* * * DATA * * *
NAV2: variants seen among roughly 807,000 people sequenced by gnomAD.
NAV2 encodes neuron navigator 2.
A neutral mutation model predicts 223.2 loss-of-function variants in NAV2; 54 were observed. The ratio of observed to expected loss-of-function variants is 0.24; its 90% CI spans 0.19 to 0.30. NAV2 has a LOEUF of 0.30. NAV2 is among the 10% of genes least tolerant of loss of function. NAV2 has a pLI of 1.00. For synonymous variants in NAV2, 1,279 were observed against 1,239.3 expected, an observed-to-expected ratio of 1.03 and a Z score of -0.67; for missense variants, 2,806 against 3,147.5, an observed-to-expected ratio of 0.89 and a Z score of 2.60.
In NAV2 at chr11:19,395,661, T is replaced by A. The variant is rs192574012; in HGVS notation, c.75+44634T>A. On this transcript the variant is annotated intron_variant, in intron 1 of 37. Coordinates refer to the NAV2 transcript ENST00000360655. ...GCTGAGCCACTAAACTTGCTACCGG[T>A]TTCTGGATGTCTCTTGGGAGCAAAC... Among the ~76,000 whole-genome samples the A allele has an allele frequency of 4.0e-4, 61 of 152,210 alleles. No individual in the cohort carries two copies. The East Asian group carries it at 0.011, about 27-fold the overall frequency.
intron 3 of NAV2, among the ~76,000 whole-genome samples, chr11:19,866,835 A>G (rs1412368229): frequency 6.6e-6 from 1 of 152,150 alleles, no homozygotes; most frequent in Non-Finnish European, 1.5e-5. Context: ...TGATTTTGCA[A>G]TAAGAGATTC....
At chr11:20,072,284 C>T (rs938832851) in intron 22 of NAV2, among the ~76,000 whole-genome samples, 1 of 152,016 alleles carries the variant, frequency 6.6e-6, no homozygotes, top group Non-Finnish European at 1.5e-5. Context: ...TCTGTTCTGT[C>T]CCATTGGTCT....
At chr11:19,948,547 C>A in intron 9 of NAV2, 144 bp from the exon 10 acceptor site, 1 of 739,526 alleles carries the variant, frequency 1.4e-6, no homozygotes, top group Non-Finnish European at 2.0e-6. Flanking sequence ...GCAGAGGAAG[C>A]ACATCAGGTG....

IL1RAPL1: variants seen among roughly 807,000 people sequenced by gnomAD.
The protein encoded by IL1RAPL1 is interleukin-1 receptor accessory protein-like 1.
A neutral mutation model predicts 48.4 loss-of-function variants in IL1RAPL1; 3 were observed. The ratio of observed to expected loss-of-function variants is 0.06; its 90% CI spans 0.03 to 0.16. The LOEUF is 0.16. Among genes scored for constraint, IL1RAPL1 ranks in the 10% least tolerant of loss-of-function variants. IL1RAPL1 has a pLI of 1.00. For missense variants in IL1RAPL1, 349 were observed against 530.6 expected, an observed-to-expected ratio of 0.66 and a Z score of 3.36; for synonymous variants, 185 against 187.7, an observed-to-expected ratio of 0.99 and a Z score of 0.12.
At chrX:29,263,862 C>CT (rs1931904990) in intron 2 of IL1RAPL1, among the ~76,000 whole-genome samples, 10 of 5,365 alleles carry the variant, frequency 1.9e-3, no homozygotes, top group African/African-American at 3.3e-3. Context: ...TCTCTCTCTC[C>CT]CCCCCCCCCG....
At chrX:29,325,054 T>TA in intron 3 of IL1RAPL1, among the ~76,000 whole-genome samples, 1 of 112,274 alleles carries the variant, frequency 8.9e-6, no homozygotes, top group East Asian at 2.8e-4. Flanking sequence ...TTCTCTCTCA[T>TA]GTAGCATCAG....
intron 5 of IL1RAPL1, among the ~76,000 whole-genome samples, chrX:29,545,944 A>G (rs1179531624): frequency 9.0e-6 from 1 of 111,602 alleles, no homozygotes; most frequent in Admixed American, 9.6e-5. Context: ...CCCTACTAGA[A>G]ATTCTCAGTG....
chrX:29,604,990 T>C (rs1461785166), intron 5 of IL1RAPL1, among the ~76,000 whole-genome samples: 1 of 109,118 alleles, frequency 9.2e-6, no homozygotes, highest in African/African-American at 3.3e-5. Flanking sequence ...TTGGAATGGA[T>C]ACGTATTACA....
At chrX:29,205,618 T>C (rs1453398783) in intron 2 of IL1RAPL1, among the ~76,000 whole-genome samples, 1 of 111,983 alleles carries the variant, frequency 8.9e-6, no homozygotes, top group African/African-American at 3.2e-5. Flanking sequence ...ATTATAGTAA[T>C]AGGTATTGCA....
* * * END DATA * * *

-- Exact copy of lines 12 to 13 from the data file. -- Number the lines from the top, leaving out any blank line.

At chrX:29,325,054 T>TA in intron 3 of IL1RAPL1, among the ~76,000 whole-genome samples, 1 of 112,274 alleles carries the variant, frequency 8.9e-6, no homozygotes, top group East Asian at 2.8e-4. Flanking sequence ...TTCTCTCTCA[T>TA]GTAGCATCAG....
intron 5 of IL1RAPL1, among the ~76,000 whole-genome samples, chrX:29,545,944 A>G (rs1179531624): frequency 9.0e-6 from 1 of 111,602 alleles, no homozygotes; most frequent in Admixed American, 9.6e-5. Context: ...CCCTACTAGA[A>G]ATTCTCAGTG....